Apparently, this fact was enough for Adolf Hitler and the Nazis to consider the November Revolution (and the whole Weimar Republic) an important part in the “global Jewish conspiracy” to destroy Germany, Europe and the whole Western civilization as they knew it. Which 23 years later led to catastrophic consequences for Jews in Greater Germany and on the German-occupied territories.
After Adolf Hitler came to power in 1933, they made this legend an integral part of their official history of the Great War, portraying the Weimar Republic as the creation of the “November criminals” (Novemberverbrecher) who stabbed the nation in the back to seize political power.
The latter charge was true and correct, of course, as the primary objective of all “Weimar politicians” (actually, of every politician in every country) was to seize and maintain political power. Everything else is secondary – and usually but a means to this end (ironically, Adolf Hitler was one of the very few exceptions).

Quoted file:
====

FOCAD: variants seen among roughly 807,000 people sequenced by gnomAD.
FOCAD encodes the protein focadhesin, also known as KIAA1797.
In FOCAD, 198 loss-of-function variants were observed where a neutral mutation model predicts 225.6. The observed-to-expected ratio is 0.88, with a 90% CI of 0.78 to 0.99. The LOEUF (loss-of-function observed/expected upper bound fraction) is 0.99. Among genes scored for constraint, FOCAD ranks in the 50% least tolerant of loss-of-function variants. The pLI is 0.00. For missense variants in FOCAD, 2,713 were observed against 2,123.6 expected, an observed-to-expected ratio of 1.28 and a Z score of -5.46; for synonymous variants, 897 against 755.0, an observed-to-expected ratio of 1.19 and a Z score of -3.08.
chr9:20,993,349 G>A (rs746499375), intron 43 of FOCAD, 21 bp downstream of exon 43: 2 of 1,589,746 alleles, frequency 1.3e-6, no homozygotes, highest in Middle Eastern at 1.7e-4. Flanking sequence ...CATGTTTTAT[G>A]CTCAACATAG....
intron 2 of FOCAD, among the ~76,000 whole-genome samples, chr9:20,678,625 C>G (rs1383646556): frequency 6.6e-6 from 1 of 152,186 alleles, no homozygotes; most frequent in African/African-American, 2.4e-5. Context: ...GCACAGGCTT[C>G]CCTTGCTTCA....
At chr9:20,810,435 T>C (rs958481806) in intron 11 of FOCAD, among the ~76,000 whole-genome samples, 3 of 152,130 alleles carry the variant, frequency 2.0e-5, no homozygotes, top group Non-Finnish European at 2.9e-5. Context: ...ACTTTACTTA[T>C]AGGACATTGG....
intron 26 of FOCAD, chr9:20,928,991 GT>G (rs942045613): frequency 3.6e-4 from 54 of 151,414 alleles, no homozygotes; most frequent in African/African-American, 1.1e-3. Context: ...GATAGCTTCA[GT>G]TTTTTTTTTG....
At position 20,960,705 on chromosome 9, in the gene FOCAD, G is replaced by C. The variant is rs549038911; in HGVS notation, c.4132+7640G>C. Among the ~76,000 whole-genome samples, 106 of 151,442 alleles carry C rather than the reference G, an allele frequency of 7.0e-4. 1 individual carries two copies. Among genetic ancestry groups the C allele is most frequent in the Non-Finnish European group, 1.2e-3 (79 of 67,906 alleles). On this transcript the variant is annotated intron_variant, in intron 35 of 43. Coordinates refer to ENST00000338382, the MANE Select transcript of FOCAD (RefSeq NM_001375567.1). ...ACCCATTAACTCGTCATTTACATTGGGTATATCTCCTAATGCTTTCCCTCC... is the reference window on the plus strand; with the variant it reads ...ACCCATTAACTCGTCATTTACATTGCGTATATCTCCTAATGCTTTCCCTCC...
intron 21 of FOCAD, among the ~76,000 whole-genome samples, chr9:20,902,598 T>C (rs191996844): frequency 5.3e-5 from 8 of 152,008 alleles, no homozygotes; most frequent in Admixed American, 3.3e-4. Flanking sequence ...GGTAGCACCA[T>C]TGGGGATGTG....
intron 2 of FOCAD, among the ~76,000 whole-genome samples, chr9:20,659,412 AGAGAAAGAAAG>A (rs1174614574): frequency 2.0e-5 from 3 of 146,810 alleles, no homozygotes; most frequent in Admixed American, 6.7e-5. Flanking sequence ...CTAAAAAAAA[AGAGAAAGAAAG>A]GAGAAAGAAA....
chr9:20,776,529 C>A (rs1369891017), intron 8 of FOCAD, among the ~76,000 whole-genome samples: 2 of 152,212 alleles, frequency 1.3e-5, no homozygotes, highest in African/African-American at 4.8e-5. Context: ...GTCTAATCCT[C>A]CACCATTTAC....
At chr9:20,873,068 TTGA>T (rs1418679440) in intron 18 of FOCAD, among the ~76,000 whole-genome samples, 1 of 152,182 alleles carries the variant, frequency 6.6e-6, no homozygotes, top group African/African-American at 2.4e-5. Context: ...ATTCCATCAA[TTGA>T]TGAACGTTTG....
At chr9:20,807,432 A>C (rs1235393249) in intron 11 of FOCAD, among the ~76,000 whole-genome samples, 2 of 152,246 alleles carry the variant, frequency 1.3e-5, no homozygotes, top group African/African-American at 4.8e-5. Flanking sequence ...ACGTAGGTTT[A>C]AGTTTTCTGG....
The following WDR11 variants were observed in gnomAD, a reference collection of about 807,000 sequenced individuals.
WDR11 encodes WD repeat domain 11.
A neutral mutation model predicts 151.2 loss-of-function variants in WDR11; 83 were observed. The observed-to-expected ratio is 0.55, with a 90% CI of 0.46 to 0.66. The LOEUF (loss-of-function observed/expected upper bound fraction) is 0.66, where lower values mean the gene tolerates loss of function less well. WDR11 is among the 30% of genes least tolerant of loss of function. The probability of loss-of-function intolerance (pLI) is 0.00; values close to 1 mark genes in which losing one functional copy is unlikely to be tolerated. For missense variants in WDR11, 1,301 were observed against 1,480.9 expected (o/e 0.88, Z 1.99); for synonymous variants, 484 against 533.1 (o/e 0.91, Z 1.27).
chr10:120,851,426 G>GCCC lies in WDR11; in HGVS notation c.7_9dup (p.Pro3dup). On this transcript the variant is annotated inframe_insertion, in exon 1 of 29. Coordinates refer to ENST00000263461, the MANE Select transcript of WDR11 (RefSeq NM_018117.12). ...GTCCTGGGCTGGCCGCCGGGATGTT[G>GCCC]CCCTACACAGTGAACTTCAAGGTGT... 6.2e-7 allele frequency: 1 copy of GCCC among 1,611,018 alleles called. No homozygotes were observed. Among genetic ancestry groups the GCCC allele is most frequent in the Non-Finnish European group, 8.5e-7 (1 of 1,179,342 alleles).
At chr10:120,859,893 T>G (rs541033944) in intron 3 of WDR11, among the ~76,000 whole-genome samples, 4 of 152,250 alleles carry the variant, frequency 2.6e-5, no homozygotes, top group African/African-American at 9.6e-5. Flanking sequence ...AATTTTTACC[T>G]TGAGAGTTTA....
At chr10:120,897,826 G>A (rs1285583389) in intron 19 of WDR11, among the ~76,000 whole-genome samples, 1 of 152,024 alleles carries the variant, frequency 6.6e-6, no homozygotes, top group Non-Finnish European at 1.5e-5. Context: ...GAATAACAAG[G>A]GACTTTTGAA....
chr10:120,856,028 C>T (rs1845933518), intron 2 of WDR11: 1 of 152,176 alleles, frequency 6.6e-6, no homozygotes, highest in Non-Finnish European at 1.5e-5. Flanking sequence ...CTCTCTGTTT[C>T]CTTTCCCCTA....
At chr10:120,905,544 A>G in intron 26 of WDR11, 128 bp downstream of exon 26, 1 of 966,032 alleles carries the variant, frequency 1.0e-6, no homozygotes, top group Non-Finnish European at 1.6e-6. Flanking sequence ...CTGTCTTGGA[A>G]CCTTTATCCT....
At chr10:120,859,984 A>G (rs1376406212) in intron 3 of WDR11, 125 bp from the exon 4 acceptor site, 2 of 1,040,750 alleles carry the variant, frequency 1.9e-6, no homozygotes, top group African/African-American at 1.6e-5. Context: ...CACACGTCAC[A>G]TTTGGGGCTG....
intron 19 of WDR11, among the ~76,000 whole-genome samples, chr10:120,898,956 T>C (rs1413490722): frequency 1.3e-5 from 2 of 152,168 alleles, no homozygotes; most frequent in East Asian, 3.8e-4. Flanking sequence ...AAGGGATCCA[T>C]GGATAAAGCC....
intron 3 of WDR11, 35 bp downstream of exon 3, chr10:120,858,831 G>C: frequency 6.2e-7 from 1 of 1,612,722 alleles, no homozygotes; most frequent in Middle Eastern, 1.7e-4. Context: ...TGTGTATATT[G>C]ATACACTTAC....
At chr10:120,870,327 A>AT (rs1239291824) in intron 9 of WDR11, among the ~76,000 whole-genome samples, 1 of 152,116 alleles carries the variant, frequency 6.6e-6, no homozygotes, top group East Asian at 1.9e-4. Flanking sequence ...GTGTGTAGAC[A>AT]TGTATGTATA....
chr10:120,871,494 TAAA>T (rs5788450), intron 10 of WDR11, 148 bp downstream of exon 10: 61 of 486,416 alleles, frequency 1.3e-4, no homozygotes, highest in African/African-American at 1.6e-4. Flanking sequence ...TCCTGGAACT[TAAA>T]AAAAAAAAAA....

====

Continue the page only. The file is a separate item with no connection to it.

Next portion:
However, the question of how and why Germany lost the Great War (especially after the decisive victory on the Eastern Front) is a very interesting one – and the answers turn out to be not as simple and straightforward as the “mainstream” historians want us to believe.
One reason for losing the Great War is crystal clear and painfully obvious: the German imperial government completely botched its relationship with the United States of America.
Instead of keeping the USA out of the Great War (which for German diplomats was a difficult – but not impossible – objective) they essentially forced (first and foremost, with a genuinely insane Zimmerman telegram) the American entry into the war on the Allied side. Which predictably tipped the scales in favor of the latter and led to the crushing defeat of the Central Powers.